If the employee at fault was a director, Kleinman said, only the mayor would be authorized to file the charge. If the mayor was at fault, there is no recourse, Kleinman said. He said that to his knowledge, there is no mechanism to hold the mayor accountable of an administrative code breach. The same can be said for City Council members, Kleinman explained, as all of them are elected officials.
According to a source, some municipalities insert an impeachment ordinance into the city code to handle any such situation, but Hoboken has no such ordinance.
The Reporter investigation spurred a response from Kleinman late on Thursday.
“After learning additional details of this matter, including from the Hoboken Reporter, it seems the city’s procedures for ensuring that all employees met all of the requirements for receiving health benefits were insufficient,” he stated. “As a result of this, a very small number of the city’s several hundred employees received such benefits though they were not technically eligible to do so under the city’s administrative requirements. These individuals will no longer be on the benefit plan unless and until they re-qualify under all of the city’s rules and regulations.”
He said from now on, the city plans to require all benefits to be “approved in writing by multiple authorities.”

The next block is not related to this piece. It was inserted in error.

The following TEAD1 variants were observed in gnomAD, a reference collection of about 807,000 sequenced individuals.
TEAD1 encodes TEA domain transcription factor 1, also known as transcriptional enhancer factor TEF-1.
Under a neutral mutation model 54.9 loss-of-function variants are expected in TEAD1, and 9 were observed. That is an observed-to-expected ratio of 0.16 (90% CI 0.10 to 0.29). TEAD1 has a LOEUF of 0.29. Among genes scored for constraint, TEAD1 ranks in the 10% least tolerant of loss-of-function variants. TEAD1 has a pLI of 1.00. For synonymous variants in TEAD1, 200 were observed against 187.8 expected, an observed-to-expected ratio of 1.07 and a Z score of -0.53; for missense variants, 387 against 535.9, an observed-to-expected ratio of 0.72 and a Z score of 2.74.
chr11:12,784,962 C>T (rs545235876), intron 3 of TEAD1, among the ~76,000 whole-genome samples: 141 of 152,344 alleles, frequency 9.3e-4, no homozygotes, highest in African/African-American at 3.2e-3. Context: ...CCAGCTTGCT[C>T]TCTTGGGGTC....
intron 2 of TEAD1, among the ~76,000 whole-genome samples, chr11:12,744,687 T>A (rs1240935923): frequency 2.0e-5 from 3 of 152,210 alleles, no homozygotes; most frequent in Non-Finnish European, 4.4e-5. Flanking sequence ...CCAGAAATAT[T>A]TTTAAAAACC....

“The problems that occurred, though unfortunate, appear to have been precipitated by administrative misunderstandings as to the city’s eligibility requirements and/or changes in employee status that were not properly recorded,” he said. “Employee privacy rights dictate that the city cannot discuss additional details, but this matter is being resolved appropriately.”
Council waiting for report
Councilman Michael Russo raised the issue of these benefits at a Dec. 3 council meeting. Russo erroneously claimed 90 unqualified people may have been receiving the benefits, but he admittedly was dealing with raw data that had not been evaluated.
The council had been asking for a report from the administration on how the situation was discovered and handled before Russo made his claim, but no information was forthcoming. No one from the administration was able to confirm that such a report existed last week.
“We put it right in the hands of the fiscal monitor and the Law Department,” Russo said. “Everybody needs to be held accountable. You can’t just say, ‘Oh, it was a mistake,’ and push it under the rug.’ ”
Councilwoman Beth Mason said she was seeking information about city health care rolls prior to that, but was met with resistance from the administration.
Why is this important?
Last year’s $97 million city budget, when passed very late in the fiscal year, was overexpended by $10 million – a move that ultimately set in motion the state takeover of Hoboken’s finances. The fact that the budget was underfunded was revealed when the city received notice from its health care provider that benefits may be temporarily lost if the city did not settle three to four months of unpaid bills.
The situation brought to light the fact that the city was millions of dollars behind on health care payments. If these individuals were receiving benefits for a prolonged amount of time – possibly years – health care costs to the city may have irregularly increased as a result.